With a cast this talented and charming (Christopher Plummer and Nick Offerman both also make appearances), “Danny Collins” mostly overcomes its contrived moments and leaves the audience feeling good when the credits role. As the opening slide of the film states, this is “kind of, sorta” based on the true story of folk singer Steve Tilston, who discovered a letter from Lennon back in 2010, which makes the film just a tad bit more interesting.

Overlaid with John Lennon tracks and featuring one original song that I still have stuck in my head, “Danny Collins” is a feel-good film featuring a strong central performance from Pacino, who like Collins himself has recently entered into near self-parody in his work. If you’re looking for a tale about redemption and some fun interplay between some big name actors, then you’ll want to book a ticket to Danny Collins.

Critics Rating: 7/10



‘Draft Day’ an Engaging and Fun NFL Ad

Draft_Day_poster            As if there isn’t proof enough that the NFL doesn’t have an offseason, here comes just another piece of evidence to support the claim: I give you “Draft Day”, the new film starring Kevin Costner.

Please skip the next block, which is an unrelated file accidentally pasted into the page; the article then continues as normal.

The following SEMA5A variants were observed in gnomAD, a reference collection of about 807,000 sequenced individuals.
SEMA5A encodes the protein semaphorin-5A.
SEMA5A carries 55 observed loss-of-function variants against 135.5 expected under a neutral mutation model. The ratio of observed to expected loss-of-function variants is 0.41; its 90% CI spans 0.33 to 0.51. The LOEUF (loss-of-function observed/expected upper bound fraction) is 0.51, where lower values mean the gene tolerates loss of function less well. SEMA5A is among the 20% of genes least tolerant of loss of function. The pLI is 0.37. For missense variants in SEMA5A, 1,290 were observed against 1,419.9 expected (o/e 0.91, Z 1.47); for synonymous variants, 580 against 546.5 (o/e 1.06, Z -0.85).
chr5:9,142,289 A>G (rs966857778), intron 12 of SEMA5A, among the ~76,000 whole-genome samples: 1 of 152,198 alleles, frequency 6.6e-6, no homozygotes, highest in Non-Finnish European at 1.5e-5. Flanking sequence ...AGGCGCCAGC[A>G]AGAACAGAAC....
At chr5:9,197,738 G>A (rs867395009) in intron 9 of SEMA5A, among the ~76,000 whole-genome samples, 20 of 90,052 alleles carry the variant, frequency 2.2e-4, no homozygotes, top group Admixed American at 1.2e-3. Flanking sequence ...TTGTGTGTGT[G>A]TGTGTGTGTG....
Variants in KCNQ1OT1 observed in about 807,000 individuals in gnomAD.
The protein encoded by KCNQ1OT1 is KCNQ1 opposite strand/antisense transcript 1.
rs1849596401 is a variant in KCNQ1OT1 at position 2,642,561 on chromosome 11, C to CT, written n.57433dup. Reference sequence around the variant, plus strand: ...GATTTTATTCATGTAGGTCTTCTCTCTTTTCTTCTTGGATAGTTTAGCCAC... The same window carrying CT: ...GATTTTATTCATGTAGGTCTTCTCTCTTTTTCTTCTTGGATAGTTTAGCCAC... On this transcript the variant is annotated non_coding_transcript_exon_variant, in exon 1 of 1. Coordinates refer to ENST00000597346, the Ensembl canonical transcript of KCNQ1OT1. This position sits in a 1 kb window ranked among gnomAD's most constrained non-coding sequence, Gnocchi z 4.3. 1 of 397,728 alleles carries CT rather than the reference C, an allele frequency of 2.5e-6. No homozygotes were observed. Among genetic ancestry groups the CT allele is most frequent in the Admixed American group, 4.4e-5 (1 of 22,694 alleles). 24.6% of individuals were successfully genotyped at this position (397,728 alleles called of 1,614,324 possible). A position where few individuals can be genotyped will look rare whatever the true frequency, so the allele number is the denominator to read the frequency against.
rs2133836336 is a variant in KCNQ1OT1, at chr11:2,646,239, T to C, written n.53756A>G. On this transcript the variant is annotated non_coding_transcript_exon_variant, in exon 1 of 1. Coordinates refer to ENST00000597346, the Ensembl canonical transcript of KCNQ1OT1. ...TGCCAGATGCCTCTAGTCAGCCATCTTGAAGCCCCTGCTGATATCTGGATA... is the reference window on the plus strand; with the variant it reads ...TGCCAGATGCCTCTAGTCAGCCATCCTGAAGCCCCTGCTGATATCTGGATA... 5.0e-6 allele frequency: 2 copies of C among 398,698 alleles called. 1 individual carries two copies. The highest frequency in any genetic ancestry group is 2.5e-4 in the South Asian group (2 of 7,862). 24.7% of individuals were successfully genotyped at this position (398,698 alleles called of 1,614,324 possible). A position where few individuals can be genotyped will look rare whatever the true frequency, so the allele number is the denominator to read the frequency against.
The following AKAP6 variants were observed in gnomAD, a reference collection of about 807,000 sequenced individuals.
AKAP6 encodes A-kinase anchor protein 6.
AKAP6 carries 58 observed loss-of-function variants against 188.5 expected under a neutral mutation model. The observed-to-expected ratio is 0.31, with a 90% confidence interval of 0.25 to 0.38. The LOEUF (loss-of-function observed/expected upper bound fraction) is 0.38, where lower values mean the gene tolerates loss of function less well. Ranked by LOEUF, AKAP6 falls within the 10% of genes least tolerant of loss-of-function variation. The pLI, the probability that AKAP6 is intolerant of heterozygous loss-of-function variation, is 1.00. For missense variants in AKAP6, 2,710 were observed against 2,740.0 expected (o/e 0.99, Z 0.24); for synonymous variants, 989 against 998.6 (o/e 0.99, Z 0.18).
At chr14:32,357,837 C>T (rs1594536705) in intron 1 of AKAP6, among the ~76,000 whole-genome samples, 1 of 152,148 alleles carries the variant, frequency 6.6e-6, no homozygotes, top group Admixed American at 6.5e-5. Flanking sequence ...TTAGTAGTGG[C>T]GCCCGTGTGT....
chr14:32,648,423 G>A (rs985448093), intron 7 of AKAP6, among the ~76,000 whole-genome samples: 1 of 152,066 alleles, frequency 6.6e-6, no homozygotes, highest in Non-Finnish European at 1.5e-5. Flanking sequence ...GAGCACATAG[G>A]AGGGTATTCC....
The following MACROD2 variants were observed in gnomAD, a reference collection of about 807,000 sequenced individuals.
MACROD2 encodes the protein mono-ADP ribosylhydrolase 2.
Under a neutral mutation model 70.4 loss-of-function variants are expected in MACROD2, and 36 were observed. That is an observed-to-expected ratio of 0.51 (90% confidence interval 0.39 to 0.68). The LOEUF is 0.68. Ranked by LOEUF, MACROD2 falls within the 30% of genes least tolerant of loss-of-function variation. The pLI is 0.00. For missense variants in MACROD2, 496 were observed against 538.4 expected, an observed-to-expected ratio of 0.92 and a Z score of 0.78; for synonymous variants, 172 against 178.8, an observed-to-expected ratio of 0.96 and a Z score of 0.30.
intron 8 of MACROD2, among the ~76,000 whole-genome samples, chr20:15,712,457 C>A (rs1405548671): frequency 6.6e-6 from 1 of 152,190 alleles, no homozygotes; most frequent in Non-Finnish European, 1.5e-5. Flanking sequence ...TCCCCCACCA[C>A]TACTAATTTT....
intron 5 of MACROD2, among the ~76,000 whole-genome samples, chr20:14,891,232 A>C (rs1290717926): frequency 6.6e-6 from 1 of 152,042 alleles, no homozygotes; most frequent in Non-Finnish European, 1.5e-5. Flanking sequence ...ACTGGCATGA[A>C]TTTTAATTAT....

Directed by Ivan Reitman, the film follows Cleveland Browns general manger Sonny Weaver Jr. (Costner), who trades three of his team’s future first round draft picks for the number one overall pick. This move is met with scrutiny and anger from much of the organization, especially the head coach, played by Denis Leary. Jennifer Garner costars and multiple real-like NFL personalities, like Commissioner Roger Goodell and Deion Sanders, make cameos.

It is easy to write this film off as one big ad for the NFL, because the commercials and trailer certainly portray it as one when they insert real-life players, despite no real players appearing or even being mentioned in the film (aside from Texans running back Arian Foster, who is actually in an acting role as a draft prospect).

But when you look past the over glamourized portrayal of the NFL, “Draft Day” is a very entertaining, at times intense, film, with shades of “Moneyball”.